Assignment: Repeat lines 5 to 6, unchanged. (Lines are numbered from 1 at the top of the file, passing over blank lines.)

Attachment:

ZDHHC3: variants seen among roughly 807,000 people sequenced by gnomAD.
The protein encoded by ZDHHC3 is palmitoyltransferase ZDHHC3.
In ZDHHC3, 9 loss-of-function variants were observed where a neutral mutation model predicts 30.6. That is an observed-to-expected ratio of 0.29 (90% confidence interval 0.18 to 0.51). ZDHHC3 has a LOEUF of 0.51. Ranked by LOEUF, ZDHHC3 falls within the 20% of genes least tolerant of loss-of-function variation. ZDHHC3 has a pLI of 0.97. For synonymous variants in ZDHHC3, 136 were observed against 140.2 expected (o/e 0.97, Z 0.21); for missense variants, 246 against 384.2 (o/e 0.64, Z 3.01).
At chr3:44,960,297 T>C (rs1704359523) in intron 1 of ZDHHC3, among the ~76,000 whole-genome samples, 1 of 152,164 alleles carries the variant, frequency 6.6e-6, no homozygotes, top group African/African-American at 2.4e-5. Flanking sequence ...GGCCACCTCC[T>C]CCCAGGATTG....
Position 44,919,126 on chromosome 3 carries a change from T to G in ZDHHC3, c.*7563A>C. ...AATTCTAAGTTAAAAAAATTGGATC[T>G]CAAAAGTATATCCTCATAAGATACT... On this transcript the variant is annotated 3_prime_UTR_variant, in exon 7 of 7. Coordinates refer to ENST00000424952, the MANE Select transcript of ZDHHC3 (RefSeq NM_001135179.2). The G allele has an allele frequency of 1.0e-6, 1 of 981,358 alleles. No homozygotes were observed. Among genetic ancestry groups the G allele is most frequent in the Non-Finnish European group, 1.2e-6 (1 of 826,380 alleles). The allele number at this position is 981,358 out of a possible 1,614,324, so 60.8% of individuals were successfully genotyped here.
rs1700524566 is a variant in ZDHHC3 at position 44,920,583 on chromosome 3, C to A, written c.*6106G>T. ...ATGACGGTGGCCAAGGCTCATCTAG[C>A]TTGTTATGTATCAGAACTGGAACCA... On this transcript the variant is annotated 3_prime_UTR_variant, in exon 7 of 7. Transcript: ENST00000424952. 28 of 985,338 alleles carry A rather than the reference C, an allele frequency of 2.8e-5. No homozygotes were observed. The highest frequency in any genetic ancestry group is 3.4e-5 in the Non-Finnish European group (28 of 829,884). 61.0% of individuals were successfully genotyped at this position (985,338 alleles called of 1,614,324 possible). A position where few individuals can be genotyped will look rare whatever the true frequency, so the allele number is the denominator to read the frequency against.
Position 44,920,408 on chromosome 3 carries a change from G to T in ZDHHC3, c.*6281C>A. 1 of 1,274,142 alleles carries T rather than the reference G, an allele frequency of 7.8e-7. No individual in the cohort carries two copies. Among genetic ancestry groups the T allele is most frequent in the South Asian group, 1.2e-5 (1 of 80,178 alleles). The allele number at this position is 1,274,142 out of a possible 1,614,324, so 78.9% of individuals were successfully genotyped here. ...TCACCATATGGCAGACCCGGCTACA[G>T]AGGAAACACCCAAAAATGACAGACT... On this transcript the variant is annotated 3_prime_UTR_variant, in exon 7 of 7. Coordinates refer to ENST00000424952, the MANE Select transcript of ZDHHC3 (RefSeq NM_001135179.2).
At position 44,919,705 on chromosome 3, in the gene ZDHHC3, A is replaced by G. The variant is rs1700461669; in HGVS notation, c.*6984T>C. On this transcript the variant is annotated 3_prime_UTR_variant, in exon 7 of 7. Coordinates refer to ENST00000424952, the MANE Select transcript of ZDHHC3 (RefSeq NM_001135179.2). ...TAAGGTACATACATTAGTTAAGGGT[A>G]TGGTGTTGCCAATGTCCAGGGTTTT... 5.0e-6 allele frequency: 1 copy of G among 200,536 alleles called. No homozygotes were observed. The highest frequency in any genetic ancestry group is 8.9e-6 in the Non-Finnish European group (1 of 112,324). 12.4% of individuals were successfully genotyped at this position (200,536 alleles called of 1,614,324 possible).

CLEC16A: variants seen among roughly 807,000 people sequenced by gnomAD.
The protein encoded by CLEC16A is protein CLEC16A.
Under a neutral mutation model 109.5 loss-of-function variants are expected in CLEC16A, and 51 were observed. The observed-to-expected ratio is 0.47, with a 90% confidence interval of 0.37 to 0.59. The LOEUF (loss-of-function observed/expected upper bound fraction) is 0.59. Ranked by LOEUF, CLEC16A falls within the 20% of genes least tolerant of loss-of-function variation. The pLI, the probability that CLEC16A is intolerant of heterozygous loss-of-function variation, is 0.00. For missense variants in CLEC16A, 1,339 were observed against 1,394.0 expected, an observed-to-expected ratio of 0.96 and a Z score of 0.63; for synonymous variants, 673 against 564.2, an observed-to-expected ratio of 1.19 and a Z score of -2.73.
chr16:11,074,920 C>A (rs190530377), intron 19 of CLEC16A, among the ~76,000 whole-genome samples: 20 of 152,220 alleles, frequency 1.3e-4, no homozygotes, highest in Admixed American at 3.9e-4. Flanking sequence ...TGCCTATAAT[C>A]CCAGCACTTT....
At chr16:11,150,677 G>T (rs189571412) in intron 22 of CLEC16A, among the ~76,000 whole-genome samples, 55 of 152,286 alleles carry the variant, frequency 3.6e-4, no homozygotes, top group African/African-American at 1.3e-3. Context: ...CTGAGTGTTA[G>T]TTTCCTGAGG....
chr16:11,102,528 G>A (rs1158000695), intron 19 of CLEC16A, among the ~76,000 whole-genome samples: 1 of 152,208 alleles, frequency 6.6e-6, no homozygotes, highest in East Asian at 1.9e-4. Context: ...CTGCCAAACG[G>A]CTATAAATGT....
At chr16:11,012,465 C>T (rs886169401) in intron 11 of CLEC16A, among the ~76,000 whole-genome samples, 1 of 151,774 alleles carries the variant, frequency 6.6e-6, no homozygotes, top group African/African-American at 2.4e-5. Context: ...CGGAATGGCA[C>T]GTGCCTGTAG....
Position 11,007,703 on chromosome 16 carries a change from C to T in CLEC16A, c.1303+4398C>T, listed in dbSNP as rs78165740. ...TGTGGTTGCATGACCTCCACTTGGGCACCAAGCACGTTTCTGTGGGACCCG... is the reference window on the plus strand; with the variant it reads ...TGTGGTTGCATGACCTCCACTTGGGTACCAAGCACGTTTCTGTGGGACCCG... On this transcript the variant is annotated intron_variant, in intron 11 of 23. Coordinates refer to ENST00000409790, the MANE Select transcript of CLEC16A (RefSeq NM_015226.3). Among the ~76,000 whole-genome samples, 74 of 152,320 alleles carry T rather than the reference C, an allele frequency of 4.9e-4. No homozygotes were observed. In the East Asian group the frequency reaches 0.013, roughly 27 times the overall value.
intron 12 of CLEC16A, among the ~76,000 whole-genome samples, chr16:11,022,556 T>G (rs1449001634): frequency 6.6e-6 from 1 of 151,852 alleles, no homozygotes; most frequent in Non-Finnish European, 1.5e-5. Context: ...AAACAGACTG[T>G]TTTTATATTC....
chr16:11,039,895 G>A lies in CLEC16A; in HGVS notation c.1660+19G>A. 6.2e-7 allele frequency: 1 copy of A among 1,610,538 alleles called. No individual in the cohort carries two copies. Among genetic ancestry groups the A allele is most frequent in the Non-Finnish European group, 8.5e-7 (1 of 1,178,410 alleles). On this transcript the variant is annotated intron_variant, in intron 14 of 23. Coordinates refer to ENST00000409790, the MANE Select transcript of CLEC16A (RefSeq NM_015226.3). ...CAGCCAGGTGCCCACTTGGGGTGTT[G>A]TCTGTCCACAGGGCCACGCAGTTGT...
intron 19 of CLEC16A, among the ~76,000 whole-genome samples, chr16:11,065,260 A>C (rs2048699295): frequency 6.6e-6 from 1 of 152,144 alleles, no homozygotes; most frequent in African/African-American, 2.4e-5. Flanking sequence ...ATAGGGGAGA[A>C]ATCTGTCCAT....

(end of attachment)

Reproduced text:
Position 44,919,126 on chromosome 3 carries a change from T to G in ZDHHC3, c.*7563A>C. ...AATTCTAAGTTAAAAAAATTGGATC[T>G]CAAAAGTATATCCTCATAAGATACT... On this transcript the variant is annotated 3_prime_UTR_variant, in exon 7 of 7. Coordinates refer to ENST00000424952, the MANE Select transcript of ZDHHC3 (RefSeq NM_001135179.2). The G allele has an allele frequency of 1.0e-6, 1 of 981,358 alleles. No homozygotes were observed. Among genetic ancestry groups the G allele is most frequent in the Non-Finnish European group, 1.2e-6 (1 of 826,380 alleles). The allele number at this position is 981,358 out of a possible 1,614,324, so 60.8% of individuals were successfully genotyped here.
rs1700524566 is a variant in ZDHHC3 at position 44,920,583 on chromosome 3, C to A, written c.*6106G>T. ...ATGACGGTGGCCAAGGCTCATCTAG[C>A]TTGTTATGTATCAGAACTGGAACCA... On this transcript the variant is annotated 3_prime_UTR_variant, in exon 7 of 7. Transcript: ENST00000424952. 28 of 985,338 alleles carry A rather than the reference C, an allele frequency of 2.8e-5. No homozygotes were observed. The highest frequency in any genetic ancestry group is 3.4e-5 in the Non-Finnish European group (28 of 829,884). 61.0% of individuals were successfully genotyped at this position (985,338 alleles called of 1,614,324 possible). A position where few individuals can be genotyped will look rare whatever the true frequency, so the allele number is the denominator to read the frequency against.